Third Meeting-House, 1695-1729.
(Old Indian House on the Right.)
In 1688, on the news of the Revolution in England, the seizure of Andros in Boston and the call for the election of representatives to organize a new government for the Colony, the men of Deerfield acted promptly. Lieutenant Thomas Wells, a commissioned officer under Andros, was selected to represent the town, and the selectmen sent to Boston a certificate to that effect. These men were fully aware that in the case of a failure of the movement, the vindictive Andros would wreak his vengeance upon all concerned. Shrewd men were at the fore, and Randolph himself might search the town records in vain for any trace of these proceedings or other treasonable action.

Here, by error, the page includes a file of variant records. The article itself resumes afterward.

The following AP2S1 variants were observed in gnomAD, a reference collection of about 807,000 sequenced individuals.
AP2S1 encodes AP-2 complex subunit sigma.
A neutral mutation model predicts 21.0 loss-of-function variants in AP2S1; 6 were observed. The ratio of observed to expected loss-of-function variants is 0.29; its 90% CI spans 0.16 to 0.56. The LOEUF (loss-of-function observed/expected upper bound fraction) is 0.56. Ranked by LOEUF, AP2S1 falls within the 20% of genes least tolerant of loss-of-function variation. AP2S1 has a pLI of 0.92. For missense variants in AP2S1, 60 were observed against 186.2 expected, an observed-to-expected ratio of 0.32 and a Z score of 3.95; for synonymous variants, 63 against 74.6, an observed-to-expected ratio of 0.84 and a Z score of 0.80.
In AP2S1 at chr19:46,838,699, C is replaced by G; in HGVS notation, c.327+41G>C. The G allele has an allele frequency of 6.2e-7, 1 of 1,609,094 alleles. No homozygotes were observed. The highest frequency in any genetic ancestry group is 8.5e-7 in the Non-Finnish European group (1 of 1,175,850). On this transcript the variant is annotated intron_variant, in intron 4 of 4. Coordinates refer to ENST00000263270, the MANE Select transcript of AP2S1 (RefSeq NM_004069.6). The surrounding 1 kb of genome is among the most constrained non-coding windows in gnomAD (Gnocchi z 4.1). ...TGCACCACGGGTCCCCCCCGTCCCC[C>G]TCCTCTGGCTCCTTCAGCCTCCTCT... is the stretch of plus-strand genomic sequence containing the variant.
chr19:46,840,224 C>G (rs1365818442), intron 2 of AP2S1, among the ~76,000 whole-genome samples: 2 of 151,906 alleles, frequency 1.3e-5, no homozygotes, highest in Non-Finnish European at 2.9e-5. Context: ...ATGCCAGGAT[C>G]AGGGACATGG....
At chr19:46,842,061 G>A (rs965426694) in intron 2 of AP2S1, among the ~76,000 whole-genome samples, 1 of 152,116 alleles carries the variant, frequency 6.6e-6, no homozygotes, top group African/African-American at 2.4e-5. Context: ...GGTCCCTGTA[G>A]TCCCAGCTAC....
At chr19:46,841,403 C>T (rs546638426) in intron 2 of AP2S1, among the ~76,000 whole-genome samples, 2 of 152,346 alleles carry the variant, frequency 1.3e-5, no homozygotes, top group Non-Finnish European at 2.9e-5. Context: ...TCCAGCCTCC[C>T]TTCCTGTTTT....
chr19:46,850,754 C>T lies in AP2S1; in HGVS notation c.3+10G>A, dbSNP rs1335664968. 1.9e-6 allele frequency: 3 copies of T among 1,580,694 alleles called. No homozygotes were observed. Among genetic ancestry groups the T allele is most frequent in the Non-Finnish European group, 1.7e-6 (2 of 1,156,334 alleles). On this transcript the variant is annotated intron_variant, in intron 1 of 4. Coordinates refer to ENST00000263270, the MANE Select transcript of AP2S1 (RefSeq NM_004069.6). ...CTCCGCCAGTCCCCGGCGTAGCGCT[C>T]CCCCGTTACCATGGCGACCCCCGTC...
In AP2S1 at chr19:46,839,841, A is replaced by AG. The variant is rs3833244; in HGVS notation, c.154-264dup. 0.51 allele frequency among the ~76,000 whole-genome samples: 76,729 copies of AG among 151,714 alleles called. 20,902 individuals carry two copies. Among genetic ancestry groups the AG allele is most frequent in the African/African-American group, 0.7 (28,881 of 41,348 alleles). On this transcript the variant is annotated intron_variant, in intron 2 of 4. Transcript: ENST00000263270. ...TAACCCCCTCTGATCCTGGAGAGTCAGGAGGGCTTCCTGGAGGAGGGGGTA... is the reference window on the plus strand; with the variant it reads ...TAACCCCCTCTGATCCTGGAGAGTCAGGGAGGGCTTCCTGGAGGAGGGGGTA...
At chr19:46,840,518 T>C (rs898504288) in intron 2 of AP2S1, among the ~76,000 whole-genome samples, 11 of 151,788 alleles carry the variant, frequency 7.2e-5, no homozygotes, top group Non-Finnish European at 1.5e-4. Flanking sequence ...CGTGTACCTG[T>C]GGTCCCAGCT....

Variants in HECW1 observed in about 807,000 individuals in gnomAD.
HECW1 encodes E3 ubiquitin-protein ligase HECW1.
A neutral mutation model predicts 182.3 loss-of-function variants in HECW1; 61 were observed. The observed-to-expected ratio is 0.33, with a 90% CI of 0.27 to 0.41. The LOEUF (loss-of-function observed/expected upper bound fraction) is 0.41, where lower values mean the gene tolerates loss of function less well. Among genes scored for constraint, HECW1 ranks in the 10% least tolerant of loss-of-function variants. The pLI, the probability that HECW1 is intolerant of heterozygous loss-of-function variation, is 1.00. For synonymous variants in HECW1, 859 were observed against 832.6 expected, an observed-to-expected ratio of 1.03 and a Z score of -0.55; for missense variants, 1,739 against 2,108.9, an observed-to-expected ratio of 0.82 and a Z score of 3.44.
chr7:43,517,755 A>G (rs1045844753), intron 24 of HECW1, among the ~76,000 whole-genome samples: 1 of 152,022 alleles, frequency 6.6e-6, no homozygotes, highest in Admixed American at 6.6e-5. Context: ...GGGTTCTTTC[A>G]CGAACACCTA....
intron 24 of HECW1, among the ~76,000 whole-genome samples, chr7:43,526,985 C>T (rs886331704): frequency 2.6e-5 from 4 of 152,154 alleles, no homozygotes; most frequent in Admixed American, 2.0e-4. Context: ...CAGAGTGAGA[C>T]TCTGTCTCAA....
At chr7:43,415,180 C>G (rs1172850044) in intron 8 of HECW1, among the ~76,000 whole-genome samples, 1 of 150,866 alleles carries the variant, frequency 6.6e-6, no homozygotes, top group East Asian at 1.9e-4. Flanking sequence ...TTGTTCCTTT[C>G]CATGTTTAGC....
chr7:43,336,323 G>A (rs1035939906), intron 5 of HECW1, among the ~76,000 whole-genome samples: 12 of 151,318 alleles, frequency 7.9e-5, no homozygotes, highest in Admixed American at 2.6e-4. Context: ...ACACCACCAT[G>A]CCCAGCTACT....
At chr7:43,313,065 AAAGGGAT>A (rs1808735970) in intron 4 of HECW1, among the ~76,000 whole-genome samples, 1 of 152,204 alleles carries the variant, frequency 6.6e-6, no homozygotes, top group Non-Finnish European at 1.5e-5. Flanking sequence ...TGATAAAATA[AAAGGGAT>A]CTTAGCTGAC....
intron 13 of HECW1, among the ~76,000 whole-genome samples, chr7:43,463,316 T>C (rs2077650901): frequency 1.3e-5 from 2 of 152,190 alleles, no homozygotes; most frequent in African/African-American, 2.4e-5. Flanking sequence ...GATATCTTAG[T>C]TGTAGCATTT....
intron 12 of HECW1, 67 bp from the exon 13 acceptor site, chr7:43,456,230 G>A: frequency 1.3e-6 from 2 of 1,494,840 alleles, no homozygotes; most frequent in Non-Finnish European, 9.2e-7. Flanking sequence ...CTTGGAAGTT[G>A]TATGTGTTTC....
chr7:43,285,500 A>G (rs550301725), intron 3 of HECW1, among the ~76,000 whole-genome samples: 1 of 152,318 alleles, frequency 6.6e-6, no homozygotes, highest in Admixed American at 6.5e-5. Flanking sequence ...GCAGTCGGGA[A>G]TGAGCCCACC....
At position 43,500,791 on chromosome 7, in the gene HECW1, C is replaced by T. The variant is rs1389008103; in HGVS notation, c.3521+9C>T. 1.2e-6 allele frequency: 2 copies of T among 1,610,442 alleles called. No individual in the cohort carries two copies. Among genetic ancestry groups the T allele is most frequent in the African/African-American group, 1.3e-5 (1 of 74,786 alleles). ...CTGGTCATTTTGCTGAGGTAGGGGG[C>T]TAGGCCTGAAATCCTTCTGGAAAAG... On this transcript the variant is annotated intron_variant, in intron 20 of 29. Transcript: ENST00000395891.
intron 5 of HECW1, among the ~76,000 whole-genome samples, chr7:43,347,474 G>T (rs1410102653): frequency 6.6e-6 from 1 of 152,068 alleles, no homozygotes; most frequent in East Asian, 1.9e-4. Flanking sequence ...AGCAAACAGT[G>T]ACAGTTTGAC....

During King William's War, the town was harassed by the enemy; drought and insects ruined the crops, and a fatal distemper prevailed. There was question of deserting the place, but bolder counsels controlled. Baron Castine with an army from Canada attempted a surprise of the town, September 15, 1694, but he was discovered just in time to close the gates, and was driven back with small loss to the defenders. Another army organized in Canada for the same purpose turned back on being discovered by scouts. During this trial Deerfield suffered great losses, but pluck carried her through.
Queen Anne's War broke out in 1702. The population here was about three hundred souls. The fortifications on Meeting-house Hill were strengthened, and the house of the commander, Captain Wells, about forty rods south, was palisaded. In May, 1703, Lord Cornbury, Governor of New York, sent word that he had
learned through his spies of an expedition fitting out against Deerfield.